Case 1 : When the water/cement ratio is high.
If the w/c ratio is high, a large amount of water is available per unit weight of cement in the concrete mix. So if a fixed volume of concrete is poured into a cube of formwork, there are a large number of water-filled voids in the cube. So when the hydration reaction starts on the surface of the cement particle, the gel-like products of hydration get precipitated in the water – away from the surface of cement particles.
The gels formed in such a case are termed as Outer Products of Hydration. Now there are two reasons why the strength of concrete is low in this case, namely –
- Since there is a large space for them to develop, the outer products of hydration are large in size. And we know, from the size effect, that larger sized particles have lower strength compared to particles of smaller size.
- No matter how high the water consumption rate of the reaction is, due to the large amount of water present in the mix, some water will still be left when the concrete hardens and is ready for use. This trapped water will gradually evaporate, leaving some voids in the concrete block. The presence of voids results in greatly reduced strength.
Case 2 : When the water/cement ratio is low.
In this case, there will be very less amount of water in the block of formwork when the concrete is poured into it, and hence lesser voids. When the hydration reaction proceeds, the gels formed do not have enough space to migrate out and precipitate in the voids. So they get deposited on the surface of the cement particle itself. Such products of hydration are termed as Inner Products of Hydration. The space available for the crystals to grow is limited, so they remain much smaller in size compared to the outer products of hydration.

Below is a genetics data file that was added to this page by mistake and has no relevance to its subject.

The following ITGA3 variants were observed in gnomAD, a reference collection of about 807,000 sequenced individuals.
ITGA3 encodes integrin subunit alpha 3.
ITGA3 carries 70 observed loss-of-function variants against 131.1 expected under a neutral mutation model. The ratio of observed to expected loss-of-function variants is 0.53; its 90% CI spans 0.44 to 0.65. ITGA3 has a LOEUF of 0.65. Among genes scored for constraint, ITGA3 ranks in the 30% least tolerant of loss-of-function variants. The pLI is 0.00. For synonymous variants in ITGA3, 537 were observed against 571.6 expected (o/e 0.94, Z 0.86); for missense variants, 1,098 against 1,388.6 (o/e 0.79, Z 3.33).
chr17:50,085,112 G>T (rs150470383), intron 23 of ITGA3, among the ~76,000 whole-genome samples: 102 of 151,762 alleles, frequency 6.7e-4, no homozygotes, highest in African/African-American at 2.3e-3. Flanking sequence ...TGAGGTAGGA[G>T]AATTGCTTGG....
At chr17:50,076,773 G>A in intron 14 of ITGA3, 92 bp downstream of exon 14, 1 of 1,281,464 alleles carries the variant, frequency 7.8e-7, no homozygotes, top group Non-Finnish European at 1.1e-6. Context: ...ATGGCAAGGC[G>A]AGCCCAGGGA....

The strength of concrete is more when the w/c ratio is low, because of the following reasons –
- As per the law of size effect, the smaller sized gels formed in this case have much greater strength as compared to those formed when the w/c is high.
- Since the water available for hydration is very less, almost all of it is utilized during the reaction. So no water is left to get evaporated later, and hence the strength-reduction due to subsequent void formation is also much lower when the w/c ratio is low.
Hope I was able to answer your question satisfactorily. Thanks for asking.